3 Common Volleyball Injuries and How To Prevent Them

As the school year begins, so does the sports season! As many male athletes put on their cleats and their helmets and head to the football field, female athletes put on their knee pads and hit the net! Volleyball season is here! Whenever you play a sport, you are at risk of injury. Many of us know how to take care of an injury when it is already present using the acronym R.I.C.E (Rest, Ice, Compression, Elevation), but few of us know how to keep our muscles healthy and prevent injury.  Below are 3 common volleyball injuries and how to prevent them.

A sprain is the excessive tearing and stretching of the ligaments. The most common ankle sprain is in the talo-fibula ligament. Sprains occur when a volleyball player lands wrong from a jump, or twists the ankle. Ankle sprain symptoms include: muscle pain to moderate to extreme degrees, muscle stiffness, and moderate to extreme swelling. To prevent ankle sprain, stretch the ankle before and after exercise to ensure the muscles have loosened and are relieved from stress. If injury does occur, wrap your ankle, and limit physical activity. Use the R.I.C.E. method. When using R.I.C.E., rest your injury on an elevated surface (pillow) and switch between 15 minutes of ice and 15 minutes of compression, by bandaging the injury to reduce swelling.
The rotator cuff muscle is found in the shoulder and controls the shoulder inward motion.  An athlete may feel a sudden sharp pain or sudden pinch in the shoulder. This injury occurs when a player does an overhead motion such as serve or spikes the ball, or aggressively throws a ball.  Symptoms of this injury include: pain where you bend your arm or turn the arm inward or outward, stiffness around the shoulder, and extreme pain especially at night. Preventing this type of injury involves the overhead stretch where you bend your arm behind your head and gently push with the other hand with gravity. Another stretching technique is to put your arm across your body and pull towards the same direction. If injury occurs, rest and ice the shoulder for 2 to 4 days, and apply heat. Rehabilitation and surgery may be needed depending on the severity of the injury.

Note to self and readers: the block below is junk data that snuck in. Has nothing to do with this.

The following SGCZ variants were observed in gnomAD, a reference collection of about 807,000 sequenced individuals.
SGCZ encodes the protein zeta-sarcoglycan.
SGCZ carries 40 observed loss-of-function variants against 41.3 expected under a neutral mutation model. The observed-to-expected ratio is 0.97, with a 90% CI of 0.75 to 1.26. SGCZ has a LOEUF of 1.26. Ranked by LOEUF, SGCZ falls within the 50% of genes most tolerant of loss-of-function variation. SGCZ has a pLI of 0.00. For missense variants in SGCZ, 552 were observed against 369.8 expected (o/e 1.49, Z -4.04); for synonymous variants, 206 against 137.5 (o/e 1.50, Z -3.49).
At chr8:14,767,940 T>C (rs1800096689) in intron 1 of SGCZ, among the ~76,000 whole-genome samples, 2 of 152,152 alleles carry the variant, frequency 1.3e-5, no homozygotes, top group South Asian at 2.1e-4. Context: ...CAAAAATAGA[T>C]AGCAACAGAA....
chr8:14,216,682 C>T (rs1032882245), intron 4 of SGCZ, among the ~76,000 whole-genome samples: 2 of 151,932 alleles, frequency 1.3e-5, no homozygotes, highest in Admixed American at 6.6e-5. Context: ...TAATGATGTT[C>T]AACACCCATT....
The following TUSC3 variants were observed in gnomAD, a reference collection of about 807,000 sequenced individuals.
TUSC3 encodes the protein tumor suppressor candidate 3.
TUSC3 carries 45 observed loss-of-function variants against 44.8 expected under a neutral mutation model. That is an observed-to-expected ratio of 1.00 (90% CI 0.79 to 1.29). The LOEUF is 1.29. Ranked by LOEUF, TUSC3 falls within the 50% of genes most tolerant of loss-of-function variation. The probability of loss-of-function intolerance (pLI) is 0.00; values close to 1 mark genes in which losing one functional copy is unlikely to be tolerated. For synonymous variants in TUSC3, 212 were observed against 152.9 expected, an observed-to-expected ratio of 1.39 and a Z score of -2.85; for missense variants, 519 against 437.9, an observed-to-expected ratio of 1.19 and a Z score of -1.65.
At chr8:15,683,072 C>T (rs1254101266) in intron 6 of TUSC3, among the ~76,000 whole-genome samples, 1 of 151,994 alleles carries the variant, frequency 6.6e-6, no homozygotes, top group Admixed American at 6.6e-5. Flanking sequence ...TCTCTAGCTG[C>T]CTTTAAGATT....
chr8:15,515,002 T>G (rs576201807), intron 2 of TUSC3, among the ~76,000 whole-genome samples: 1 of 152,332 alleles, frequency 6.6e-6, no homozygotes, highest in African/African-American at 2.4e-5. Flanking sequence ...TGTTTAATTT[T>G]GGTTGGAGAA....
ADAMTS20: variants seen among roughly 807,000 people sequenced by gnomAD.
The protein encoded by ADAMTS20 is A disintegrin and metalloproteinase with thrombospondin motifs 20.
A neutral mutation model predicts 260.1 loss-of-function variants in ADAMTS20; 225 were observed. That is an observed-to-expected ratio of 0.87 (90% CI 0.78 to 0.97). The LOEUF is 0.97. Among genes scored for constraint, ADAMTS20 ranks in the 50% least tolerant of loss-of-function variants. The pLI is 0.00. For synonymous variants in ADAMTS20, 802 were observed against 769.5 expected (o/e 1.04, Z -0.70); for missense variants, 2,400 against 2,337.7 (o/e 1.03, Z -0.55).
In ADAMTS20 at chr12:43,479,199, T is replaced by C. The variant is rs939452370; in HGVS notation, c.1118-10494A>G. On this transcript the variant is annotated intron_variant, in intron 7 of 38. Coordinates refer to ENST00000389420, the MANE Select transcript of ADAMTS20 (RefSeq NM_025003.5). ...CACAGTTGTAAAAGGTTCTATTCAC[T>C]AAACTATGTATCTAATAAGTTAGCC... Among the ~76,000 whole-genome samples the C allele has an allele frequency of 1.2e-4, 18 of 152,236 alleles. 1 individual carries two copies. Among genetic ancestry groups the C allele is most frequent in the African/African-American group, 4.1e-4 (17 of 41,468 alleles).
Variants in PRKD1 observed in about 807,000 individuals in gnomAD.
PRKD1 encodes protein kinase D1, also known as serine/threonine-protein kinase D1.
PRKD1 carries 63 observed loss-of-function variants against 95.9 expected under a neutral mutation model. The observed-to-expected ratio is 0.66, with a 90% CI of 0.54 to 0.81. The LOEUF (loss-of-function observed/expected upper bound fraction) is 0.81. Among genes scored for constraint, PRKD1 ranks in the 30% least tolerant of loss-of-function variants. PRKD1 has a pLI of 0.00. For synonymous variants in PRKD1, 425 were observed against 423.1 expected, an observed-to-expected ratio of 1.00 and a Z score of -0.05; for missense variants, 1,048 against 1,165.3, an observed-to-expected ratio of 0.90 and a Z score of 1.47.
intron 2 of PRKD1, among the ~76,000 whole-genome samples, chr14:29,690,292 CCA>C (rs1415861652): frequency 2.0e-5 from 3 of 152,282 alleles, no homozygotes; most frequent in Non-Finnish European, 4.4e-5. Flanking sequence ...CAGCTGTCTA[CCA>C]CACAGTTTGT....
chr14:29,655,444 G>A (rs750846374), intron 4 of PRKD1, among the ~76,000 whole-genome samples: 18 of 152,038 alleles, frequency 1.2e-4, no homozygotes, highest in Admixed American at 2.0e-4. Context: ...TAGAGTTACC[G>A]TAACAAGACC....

When jumper’s knee occurs, the patella tendon is affected. The patella tendon connects the kneecap to the tibia bone.  Symptoms of this injury include, pain at the bottom of the kneecap when applying pressure, aching and stiffness after exercising, and pain when the quadriceps muscles are contacted.  When injury is basic and first occurs, continue training but stop after every hour to apply ice to injury. Wear a heat bandage or support band. If injury progresses it can be long term rehabilitation up to 3 months.
There you have it. Three top volleyball injuries and how to prevent them. As mentioned before stretching can alleviate a lot of pain and also prevent it as well. Another good rule of thumb for athletes is to make better eating choices to ensure you are getting the required vitamins and nutrients. The number 1 thing to remember, however, is to DRINK WATER! Drink at least half your body weight in your water. If you way 100 lbs., you should at minimum consume about 50 0z of water.
What are some ways you prevent injuries, treat injuries, and drink more water, to make healthier life choices? Comment below!
P.S. CLICK HEREto "follow" Teen Diaries on Twitter!
P.P.S. CLICK HEREto "like" Teen Diaries on Facebook!
P.P.P.S. CLICK HEREto "follow" Teen Diaries on Instagram!

TEEN REPORTER (sports) | Shayla is a 17 year-old varsity cherleader from San Antonio, TX. The senior currently attends William Howard Taft High School, and besides cheerleading, also enjoys acting and writing short plays. She hopes to attend Howard University and major in Broadcast Journalism to become a TV Personality.